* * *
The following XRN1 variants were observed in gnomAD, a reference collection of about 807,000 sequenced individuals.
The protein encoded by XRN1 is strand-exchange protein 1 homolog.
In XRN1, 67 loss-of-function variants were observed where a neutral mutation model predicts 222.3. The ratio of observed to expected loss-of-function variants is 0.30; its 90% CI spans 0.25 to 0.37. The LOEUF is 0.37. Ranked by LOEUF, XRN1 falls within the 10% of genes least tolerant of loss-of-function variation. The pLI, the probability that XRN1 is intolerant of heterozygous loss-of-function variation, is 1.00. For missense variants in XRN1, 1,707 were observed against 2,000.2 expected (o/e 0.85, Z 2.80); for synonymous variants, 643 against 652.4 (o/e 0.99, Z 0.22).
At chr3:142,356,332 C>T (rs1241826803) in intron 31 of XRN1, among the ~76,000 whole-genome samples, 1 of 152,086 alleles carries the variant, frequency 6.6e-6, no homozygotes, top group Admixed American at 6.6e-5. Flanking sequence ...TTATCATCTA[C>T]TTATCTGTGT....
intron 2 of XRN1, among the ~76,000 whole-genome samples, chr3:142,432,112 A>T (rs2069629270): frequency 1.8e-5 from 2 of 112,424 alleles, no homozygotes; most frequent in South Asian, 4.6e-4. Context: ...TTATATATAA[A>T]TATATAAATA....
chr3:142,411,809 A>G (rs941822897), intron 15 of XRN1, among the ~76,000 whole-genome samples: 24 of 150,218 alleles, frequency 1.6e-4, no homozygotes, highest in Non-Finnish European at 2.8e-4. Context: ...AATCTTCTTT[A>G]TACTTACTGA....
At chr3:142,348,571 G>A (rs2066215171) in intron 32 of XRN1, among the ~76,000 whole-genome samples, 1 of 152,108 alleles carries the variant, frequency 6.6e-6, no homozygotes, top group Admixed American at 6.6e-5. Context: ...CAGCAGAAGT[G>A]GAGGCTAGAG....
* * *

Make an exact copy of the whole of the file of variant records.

The following XRN1 variants were observed in gnomAD, a reference collection of about 807,000 sequenced individuals.
The protein encoded by XRN1 is strand-exchange protein 1 homolog.
In XRN1, 67 loss-of-function variants were observed where a neutral mutation model predicts 222.3. The ratio of observed to expected loss-of-function variants is 0.30; its 90% CI spans 0.25 to 0.37. The LOEUF is 0.37. Ranked by LOEUF, XRN1 falls within the 10% of genes least tolerant of loss-of-function variation. The pLI, the probability that XRN1 is intolerant of heterozygous loss-of-function variation, is 1.00. For missense variants in XRN1, 1,707 were observed against 2,000.2 expected (o/e 0.85, Z 2.80); for synonymous variants, 643 against 652.4 (o/e 0.99, Z 0.22).
At chr3:142,356,332 C>T (rs1241826803) in intron 31 of XRN1, among the ~76,000 whole-genome samples, 1 of 152,086 alleles carries the variant, frequency 6.6e-6, no homozygotes, top group Admixed American at 6.6e-5. Flanking sequence ...TTATCATCTA[C>T]TTATCTGTGT....
intron 2 of XRN1, among the ~76,000 whole-genome samples, chr3:142,432,112 A>T (rs2069629270): frequency 1.8e-5 from 2 of 112,424 alleles, no homozygotes; most frequent in South Asian, 4.6e-4. Context: ...TTATATATAA[A>T]TATATAAATA....
chr3:142,411,809 A>G (rs941822897), intron 15 of XRN1, among the ~76,000 whole-genome samples: 24 of 150,218 alleles, frequency 1.6e-4, no homozygotes, highest in Non-Finnish European at 2.8e-4. Context: ...AATCTTCTTT[A>G]TACTTACTGA....
At chr3:142,348,571 G>A (rs2066215171) in intron 32 of XRN1, among the ~76,000 whole-genome samples, 1 of 152,108 alleles carries the variant, frequency 6.6e-6, no homozygotes, top group Admixed American at 6.6e-5. Context: ...CAGCAGAAGT[G>A]GAGGCTAGAG....